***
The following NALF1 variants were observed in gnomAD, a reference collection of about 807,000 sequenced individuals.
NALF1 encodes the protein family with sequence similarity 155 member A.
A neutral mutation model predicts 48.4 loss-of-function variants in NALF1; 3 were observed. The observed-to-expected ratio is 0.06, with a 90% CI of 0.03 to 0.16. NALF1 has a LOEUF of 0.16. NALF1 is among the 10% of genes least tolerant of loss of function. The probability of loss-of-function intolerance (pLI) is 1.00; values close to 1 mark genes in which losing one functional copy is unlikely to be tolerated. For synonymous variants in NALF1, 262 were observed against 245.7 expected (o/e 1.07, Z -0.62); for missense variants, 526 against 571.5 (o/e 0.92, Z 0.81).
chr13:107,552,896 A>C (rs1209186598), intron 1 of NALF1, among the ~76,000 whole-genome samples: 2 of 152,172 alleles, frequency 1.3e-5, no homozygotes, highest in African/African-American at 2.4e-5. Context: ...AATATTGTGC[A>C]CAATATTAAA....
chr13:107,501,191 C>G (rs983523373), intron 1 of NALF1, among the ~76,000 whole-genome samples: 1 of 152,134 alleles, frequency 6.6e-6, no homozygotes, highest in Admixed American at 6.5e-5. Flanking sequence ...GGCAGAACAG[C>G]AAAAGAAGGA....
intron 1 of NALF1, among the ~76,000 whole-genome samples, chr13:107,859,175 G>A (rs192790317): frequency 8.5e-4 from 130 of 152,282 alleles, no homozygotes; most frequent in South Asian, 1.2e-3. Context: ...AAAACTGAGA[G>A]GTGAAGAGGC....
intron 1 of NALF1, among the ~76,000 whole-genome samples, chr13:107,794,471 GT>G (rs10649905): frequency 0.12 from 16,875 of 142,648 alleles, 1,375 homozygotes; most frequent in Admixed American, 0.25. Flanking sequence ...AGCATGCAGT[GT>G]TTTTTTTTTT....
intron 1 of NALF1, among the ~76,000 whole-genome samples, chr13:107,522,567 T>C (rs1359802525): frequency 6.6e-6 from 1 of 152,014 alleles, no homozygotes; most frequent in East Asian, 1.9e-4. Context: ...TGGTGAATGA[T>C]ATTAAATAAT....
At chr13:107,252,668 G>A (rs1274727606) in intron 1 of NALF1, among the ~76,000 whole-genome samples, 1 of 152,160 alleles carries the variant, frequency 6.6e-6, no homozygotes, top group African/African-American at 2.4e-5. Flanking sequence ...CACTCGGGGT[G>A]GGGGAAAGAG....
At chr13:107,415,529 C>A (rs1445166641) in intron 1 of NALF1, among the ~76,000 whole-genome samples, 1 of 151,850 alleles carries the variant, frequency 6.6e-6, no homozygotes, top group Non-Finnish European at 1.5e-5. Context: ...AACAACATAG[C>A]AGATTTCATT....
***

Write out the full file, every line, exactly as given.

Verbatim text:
The following NALF1 variants were observed in gnomAD, a reference collection of about 807,000 sequenced individuals.
NALF1 encodes the protein family with sequence similarity 155 member A.
A neutral mutation model predicts 48.4 loss-of-function variants in NALF1; 3 were observed. The observed-to-expected ratio is 0.06, with a 90% CI of 0.03 to 0.16. NALF1 has a LOEUF of 0.16. NALF1 is among the 10% of genes least tolerant of loss of function. The probability of loss-of-function intolerance (pLI) is 1.00; values close to 1 mark genes in which losing one functional copy is unlikely to be tolerated. For synonymous variants in NALF1, 262 were observed against 245.7 expected (o/e 1.07, Z -0.62); for missense variants, 526 against 571.5 (o/e 0.92, Z 0.81).
chr13:107,552,896 A>C (rs1209186598), intron 1 of NALF1, among the ~76,000 whole-genome samples: 2 of 152,172 alleles, frequency 1.3e-5, no homozygotes, highest in African/African-American at 2.4e-5. Context: ...AATATTGTGC[A>C]CAATATTAAA....
chr13:107,501,191 C>G (rs983523373), intron 1 of NALF1, among the ~76,000 whole-genome samples: 1 of 152,134 alleles, frequency 6.6e-6, no homozygotes, highest in Admixed American at 6.5e-5. Flanking sequence ...GGCAGAACAG[C>G]AAAAGAAGGA....
intron 1 of NALF1, among the ~76,000 whole-genome samples, chr13:107,859,175 G>A (rs192790317): frequency 8.5e-4 from 130 of 152,282 alleles, no homozygotes; most frequent in South Asian, 1.2e-3. Context: ...AAAACTGAGA[G>A]GTGAAGAGGC....
intron 1 of NALF1, among the ~76,000 whole-genome samples, chr13:107,794,471 GT>G (rs10649905): frequency 0.12 from 16,875 of 142,648 alleles, 1,375 homozygotes; most frequent in Admixed American, 0.25. Flanking sequence ...AGCATGCAGT[GT>G]TTTTTTTTTT....
intron 1 of NALF1, among the ~76,000 whole-genome samples, chr13:107,522,567 T>C (rs1359802525): frequency 6.6e-6 from 1 of 152,014 alleles, no homozygotes; most frequent in East Asian, 1.9e-4. Context: ...TGGTGAATGA[T>C]ATTAAATAAT....
At chr13:107,252,668 G>A (rs1274727606) in intron 1 of NALF1, among the ~76,000 whole-genome samples, 1 of 152,160 alleles carries the variant, frequency 6.6e-6, no homozygotes, top group African/African-American at 2.4e-5. Flanking sequence ...CACTCGGGGT[G>A]GGGGAAAGAG....
At chr13:107,415,529 C>A (rs1445166641) in intron 1 of NALF1, among the ~76,000 whole-genome samples, 1 of 151,850 alleles carries the variant, frequency 6.6e-6, no homozygotes, top group Non-Finnish European at 1.5e-5. Context: ...AACAACATAG[C>A]AGATTTCATT....